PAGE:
Photography and editing

Prague abbey Ken Rockwell drops another article on “ow to make good photographs,” this one emphasizing composition and urging you to carefully study your image before taking a picture. He has a particularly formalist bent, but the basic idea of thinking and experimenting before shooting is important.

The only way to ensure strong composition is to look through your finder and make it that way before you press the shutter. Move yourself around to change perspective, which moves elements around in your frame. You can change the relative sizes of elements by moving in and zooming out to maintain the same framing. When you do, closer elements just got bigger while distant ones just got smaller.

This is all true, but there’s another phase of thinking and work that takes place after the picture’s been taken that often gets under-appreciated, which is editing. Editing is looking at your photos after they’ve been taken to figure out which ones are the good ones. What happens during editing is just as important as what happens while shooting. Photographers who post 50 photos from a single day just don’t get it, or they’re not trying to make art. You need to do the hard work of finding the one or two images that rise above the rest by a confluence of factors. Forget what you were thinking while you shot the pictures, and forget which ones you thought would turn out the best; invariably, the best pictures are the ones you didn’t give a second thought to while shooting.

My photoblog isn’t really about taking pictures. Most of the photos I’ve posted so far are years old — it’s about looking at old collections of photos with a new perspective. Editing. Take today’s picture, from a trip to Prague in 2002. I enjoyed this photo at the time, but only years later does it stand far above most of the others. Mastering technique and composition is critical to becoming a good photographer, but so is the ability to look at a hundred photos and realize that the best way to represent the whole group is to just show one.

Posted: Thursday July 9, 2009 by Alesh Houdek · · Comment feed for this post: RSS, atom

 

Comment

  1. Alex    Jul 12, 02:25 PM #  

    The other weekendy clickables doesn’t have comments so I’m saying it here: HDR is the scourge of digital photography. Ugh.



  2. Alex    Jul 12, 02:29 PM #  

    Agree with the editing. Every now and then I go back to my old photos and re-crop, etc.After the experience has faded it makes things like composition stand up more. (Also fix things like noise or fringe colors.)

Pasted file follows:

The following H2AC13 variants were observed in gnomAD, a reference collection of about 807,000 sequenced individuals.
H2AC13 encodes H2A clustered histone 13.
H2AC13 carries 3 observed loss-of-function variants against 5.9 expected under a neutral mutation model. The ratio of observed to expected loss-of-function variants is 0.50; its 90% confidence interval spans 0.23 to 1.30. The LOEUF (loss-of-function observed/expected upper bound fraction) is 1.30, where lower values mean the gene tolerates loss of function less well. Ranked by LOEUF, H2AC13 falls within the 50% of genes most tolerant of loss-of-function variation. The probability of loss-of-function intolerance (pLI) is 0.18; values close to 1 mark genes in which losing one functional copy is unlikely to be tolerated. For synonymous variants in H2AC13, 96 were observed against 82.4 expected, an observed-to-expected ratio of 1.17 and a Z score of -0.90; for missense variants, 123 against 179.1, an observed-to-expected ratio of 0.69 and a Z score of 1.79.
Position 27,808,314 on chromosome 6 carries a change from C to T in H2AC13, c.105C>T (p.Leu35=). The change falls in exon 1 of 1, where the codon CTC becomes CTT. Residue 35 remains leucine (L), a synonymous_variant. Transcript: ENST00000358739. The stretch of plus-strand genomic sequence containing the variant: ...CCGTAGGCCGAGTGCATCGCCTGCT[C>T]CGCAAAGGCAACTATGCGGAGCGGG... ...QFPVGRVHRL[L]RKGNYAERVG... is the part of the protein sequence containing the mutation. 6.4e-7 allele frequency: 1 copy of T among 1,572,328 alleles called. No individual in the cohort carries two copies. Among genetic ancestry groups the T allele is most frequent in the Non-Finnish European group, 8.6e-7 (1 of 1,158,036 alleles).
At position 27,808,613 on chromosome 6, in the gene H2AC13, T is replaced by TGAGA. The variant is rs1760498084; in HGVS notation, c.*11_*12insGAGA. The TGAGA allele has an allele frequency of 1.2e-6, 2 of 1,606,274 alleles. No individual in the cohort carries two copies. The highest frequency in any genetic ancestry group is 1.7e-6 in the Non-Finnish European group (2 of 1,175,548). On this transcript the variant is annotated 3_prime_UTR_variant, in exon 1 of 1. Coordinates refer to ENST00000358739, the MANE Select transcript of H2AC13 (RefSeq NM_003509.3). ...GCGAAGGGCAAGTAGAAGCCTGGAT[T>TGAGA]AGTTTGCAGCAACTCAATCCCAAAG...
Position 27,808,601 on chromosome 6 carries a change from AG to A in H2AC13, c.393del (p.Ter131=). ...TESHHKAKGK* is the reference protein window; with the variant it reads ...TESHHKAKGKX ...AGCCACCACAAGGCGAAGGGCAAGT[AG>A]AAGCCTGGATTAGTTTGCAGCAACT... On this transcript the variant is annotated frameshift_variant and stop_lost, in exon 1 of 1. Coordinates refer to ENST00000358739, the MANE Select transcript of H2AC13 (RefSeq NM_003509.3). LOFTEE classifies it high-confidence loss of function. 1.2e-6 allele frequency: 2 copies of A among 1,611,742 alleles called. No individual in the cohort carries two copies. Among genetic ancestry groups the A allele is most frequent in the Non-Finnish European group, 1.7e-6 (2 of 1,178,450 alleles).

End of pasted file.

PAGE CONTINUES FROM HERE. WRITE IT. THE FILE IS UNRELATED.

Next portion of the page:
3. alesh    Jul 12, 04:28 PM #  

    That’s weird… i just turned the editing back on.

    I’ve been going back a lot more because of two bits of techonology. One is Lightroom, which is mainly because I have a computer now that’s fast enough to run it, and the other is called John’s background switcher. I set it to randomly change my background image every few minutes, but the cool thing is that it’s set to also make the images grayscale, so I get a fresh perspective and look at photos I haven’t seen in years.

    Also, I realized that all the photos I’d ever taken with my first digital camera, a Nikon 995, were on ISO 100. Doh!



  4. Alex    Jul 12, 06:45 PM #  

    I hate that my camera doesn’t have an ISO selector on top, clearly visible, as it is on my film cameras. I always forget what was the last setting, end up shooting 400 or 800 in broad daylight and have to run noise ninja.

    I go back for a bunch of stuff: noise, color balance (I’m very used to the CMYK model, have to fix photos to look better on screen) and other stuff I’m much better at now than years ago. The chromatic aberration / purple fringe is a common fix. Also fixing skies, before I started using filters all my skies were white.

    If you want to get tips on composition, technique, etc; and don’t have a bunch of photographer friends to bug, I’d recommend joining a microstock site. The money is crap, but there are many photograhers in the forums and they give good advice, much better than the pageview collectors in flickr. Many of them are from European countries, they have a less touristy/stock aesthetic.

    I like the new look on the blog, btw.



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